Renter households appear increasingly willing to stay as such, per Freddie
Mac. The company has released results
from its latest renter survey, conducted in March showing that 59 percent of
renters surveyed said they plan to rent when they next move, a 4-percentage
point increase from the last survey, conducted in September 2016. Those living in suburban households showed
the largest shift on this question, at 57 percent, up from 48 percent. It will disappoint many that the share of Millennials
who plan to continue renting rose from 64 percent to 73 percent, although the
intent to purchase rose slightly among the older Millennials.
Living in apartment complexes, small or large, appears to be losing
appeal. Renters expressing either as their
choice for their next move fell a combined 7 points since the last survey,
while those preferring a single-family house or a condo rose an aggregate of 3
Respondents have growing confidence in their financial situation with 41
percent saying they now have enough money to last beyond each payday, up from
34 percent in September. The percentage
of those saying they don't have enough income to cover essentials fell from 20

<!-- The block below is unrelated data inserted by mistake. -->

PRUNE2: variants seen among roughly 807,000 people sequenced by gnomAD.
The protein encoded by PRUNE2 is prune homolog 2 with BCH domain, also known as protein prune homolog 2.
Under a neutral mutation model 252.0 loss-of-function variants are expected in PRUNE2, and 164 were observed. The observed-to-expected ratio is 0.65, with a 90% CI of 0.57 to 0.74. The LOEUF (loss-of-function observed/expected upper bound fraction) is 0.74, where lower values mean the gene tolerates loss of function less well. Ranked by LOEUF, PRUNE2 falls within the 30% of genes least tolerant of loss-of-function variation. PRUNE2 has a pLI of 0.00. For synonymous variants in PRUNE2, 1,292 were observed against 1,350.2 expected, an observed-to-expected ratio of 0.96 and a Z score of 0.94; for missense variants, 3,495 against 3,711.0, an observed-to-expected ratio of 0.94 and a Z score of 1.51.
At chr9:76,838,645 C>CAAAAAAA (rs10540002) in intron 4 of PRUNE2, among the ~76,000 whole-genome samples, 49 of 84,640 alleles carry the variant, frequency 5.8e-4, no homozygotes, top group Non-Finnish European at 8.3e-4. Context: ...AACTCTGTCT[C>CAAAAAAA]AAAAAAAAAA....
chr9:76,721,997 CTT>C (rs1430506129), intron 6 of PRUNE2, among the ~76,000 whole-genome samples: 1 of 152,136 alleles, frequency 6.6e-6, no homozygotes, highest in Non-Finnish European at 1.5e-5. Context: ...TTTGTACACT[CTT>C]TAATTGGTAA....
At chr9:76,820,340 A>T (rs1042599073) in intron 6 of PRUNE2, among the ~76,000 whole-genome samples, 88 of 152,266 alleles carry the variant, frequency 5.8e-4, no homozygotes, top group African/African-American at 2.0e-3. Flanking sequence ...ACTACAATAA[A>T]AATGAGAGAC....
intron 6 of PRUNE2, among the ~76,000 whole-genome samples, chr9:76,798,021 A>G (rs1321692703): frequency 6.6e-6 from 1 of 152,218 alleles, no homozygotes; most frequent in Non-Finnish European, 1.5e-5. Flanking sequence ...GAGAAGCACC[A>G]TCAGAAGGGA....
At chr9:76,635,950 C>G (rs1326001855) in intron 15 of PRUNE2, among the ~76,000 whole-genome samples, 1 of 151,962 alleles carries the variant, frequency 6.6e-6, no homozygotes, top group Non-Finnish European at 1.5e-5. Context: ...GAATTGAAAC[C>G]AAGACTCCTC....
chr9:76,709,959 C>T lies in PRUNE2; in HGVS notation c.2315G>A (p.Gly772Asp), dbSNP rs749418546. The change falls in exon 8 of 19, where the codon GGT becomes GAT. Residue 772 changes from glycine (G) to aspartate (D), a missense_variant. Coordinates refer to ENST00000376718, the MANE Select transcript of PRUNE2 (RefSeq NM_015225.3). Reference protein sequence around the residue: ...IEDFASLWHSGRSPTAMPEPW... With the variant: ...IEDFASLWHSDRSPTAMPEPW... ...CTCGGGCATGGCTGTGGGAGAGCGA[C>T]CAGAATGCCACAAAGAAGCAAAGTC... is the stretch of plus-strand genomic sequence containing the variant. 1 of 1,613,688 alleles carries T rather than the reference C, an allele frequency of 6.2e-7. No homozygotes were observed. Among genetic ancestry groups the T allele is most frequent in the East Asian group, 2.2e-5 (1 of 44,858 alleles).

percent to 14 percent. The greatest increase
in financial comfort was expressed by those in rural households, up from 27
percent to 46 percent and by Baby Boomers who posted a 10-point increase to 48
This rising confidence is not reflected in renters' moving plans. Fifty-five percent of survey respondents and
60 percent of those aged 35 to 49 years say they like where they live and don't
plan to move even if their rents go up.
Among all respondents, 37 percent said they don't know when they will
move next, up from 30 percent.
More than half of renters are saying that renting is a good choice for them,
up from 48 percent in January 2016 to 52 percent in this year's January
poll. While many expect they will
eventually become homeowners, their percentage fell from 45 to 41 percent since
the September survey and those who say they are working toward homeownership
drop from 21 percent to 15 percent.
Among those who know the percentage, 40 percent said more than a third of
their income goes to rent. Millennials
and Gen X renters pay more than one third.
The Freddie Mac survey also
indicates a preference for living in urban areas. Seven in 10 renters said they are at least
somewhat willing to live in a smaller home in order to remain in a city. Urban renters are also more likely to say
renting is a good choice from them, although they would like to own at some
"It would appear from our new survey that renters today feel better
about their finances, like where they are living, and view renting favorably.
This is consistent with findings from earlier surveys that show a steadily
growing number of renters have a positive view of renting," said David
Brickman, executive vice president of Freddie Mac Multifamily.